If you are buying or selling a business, one of the key regulations you need to be aware of and ensure you are fully compliant with is the Transfer of Undertakings (Protection of Employment) Regulations 2006, known as TUPE 2006.
TUPE 2006 is designed to protect employees’ rights when part or all of a business is transferred to a new employer.
It is important to have a robust knowledge of your compliance responsibilities under TUPE 2006 as breaching the regulations could lead to a claim being made against you.
What type of transfers are covered by TUPE?
TUPE 2006 applies where there is a transfer of all or part of an undertaking from one employer to another. Examples include:
- Where a sole trader or a partnership sell or otherwise transfer all or part of their business.
- Where all or part of a company is sold to another party.
- Where two organisations merge to form a third company.
- Where a contract to provide goods and/or services is transferred which amounts to the transfer of a business or undertaking.
An example of a transfer of a contract which resulted in TUPE 2006 obligations was illustrated in the recent outsourcing of PepsiCo’s transporting operations across England and Wales to logistics specialist Eddie Stobart. The contract resulted in 300 Pepsi Co staff transferring to Eddie Stobart Logistics Plc from 1 July 2018.
TUPE and company transfers – share purchase and asset purchase
Buyers looking to acquire a business can either acquire the entire issued share capital of the company that owns that business, referred to as a ‘share purchase’, or purchase the collection of assets that comprise the business, which may include machinery or equipment, property, intellectual property rights, employees and contracts. This is known as an ‘asset purchase’.
In the case of a share purchase, a buyer acquires the company ‘warts and all’. The company continues to be the employer of its staff, and there is no effect on contracts of employment. With certain limited exceptions, whatever rights, obligations, powers, and liabilities the company has towards past, present, and future employees will be unaffected by the change in ownership. In such a situation, the normal rules of unfair dismissal apply.
In contrast, an asset purchase is likely to trigger TUPE 2006 obligations and responsibilities. This means the employees of the transferring business will handover to the buyer immediately before the acquisition.
The effect of TUPE 2006
Broadly speaking, if TUPE 2006 applies to a transfer, the effect will be that:
- All employees, along with their contracts of employment will be transferred to the buyer of the business. There are certain exceptions relating to occupational pension rights.
- The terms and conditions of the transferring employees will remain the same.
- The liability for any employee dismissed by the seller prior to the sale will be transferred to the buyer if the reason for the dismissal was connected to the transfer of the business. For this reason, it is essential to instruct an experienced solicitor who will perform due diligence on the employment of staff in the business you intend to buy and inform you if the seller has not or is not complying with their TUPE obligations. It must also be pointed out that when conducting due diligence, relevant provisions of the General Data Protection Regulations (GDPR) must be complied with.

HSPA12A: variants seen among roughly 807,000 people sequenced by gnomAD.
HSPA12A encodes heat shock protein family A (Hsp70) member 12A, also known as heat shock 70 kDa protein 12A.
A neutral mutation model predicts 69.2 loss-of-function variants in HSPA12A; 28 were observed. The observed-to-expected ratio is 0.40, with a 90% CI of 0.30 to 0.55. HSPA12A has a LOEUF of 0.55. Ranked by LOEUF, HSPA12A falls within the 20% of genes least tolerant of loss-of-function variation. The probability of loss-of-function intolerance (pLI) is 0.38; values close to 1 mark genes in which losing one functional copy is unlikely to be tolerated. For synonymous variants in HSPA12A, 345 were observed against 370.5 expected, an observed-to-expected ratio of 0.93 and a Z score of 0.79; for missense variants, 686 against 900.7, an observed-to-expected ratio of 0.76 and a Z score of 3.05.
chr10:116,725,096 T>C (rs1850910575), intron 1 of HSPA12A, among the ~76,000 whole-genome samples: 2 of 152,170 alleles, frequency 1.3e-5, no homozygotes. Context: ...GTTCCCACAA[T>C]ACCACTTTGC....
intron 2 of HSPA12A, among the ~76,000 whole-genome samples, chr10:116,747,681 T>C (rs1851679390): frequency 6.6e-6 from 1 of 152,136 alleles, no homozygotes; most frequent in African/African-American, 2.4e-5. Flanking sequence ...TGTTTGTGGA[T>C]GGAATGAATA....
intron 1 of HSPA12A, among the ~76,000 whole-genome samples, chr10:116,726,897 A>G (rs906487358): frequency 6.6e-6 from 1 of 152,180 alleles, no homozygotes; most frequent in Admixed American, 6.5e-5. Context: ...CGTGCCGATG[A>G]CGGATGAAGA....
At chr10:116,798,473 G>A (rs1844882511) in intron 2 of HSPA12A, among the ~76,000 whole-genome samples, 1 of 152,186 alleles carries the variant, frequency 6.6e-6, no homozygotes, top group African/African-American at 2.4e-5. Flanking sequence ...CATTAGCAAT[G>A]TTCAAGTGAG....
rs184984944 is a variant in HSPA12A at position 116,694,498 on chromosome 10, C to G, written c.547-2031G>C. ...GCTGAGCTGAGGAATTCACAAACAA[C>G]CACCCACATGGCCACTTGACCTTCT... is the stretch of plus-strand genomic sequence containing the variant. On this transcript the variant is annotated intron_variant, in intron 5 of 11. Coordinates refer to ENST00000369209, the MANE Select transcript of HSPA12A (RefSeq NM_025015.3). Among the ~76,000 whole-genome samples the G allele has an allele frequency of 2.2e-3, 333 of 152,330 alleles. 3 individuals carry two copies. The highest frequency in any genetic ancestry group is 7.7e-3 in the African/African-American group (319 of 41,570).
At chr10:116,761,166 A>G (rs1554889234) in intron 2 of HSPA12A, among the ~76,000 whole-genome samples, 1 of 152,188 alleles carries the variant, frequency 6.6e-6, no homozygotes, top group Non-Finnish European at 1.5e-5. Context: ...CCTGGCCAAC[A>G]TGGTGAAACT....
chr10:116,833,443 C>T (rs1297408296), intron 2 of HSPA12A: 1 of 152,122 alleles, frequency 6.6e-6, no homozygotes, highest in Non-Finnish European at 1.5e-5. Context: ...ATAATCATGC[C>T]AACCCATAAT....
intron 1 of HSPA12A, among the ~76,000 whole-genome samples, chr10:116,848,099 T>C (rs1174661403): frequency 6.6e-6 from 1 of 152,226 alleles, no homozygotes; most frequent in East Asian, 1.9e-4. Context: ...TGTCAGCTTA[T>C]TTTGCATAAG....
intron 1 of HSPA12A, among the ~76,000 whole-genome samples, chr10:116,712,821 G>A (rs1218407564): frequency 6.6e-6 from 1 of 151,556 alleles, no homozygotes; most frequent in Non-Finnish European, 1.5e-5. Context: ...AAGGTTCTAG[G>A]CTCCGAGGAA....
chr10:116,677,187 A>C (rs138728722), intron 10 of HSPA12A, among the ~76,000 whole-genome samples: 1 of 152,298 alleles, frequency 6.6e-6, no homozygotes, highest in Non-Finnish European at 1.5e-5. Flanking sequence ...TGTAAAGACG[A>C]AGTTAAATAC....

- Any dismissal of an employee which is related to the transfer will be deemed automatically unfair except where there is an ‘economic, technical or organisational reason entailing changes in the workforce’.
- Any trade union recognition relating to existing employees will be transferred along with any applicable collective agreements relating to those employees.
- There is an obligation on the seller and buyer to inform and consult representatives of employees about the transfer.
The duty to inform and consult under TUPE
TUPE 2006 puts an obligation on both the outgoing employer (the transferor) and the incoming employer (transferee) to inform and consult with employees who will be affected by the transfer.
Under TUPE 2006, all ‘affected employees’ must be informed of the fact the transfer is taking place, the date it will happen, and the reason for it. In addition, the “legal, economic and social implications…” and “any envisaged measures” that the transferee will be taking must be communicated. Affected employees will also include employees who are not necessarily going to be transferred, but may have their job descriptions or place of work altered because of the transfer.
The buyer of the business may not have a full picture of their intentions until close to the time of transfer. However, you will need to inform employees of any ‘measures’ which will occur because of the transfer, such as redundancies, change of work location etc.
The inform and consultation procedure should take place with an employee representative, unless the business has fewer than ten employees; in this case, staff members should be spoken to directly.
The GDPR has added an extra layer of complexity to TUPE 2006 compliance. To avoid potential employee claims and reputational damage, it is vital to instruct an experienced solicitor to assist you with navigating not only TUPE 2006, but other compliance matters relating to the transfer of a business.
Please note, this article does not constitute legal advice.
Hart Reade Solicitors is a full-service law firm with offices in Eastbourne, Hailsham, Polegate and Meads. We hold a both a Lexcel and Conveyancing Quality Accreditation from the Law Society of England and Wales. To make an appointment with one of our employment solicitors, please phone our office on 01323 727 321.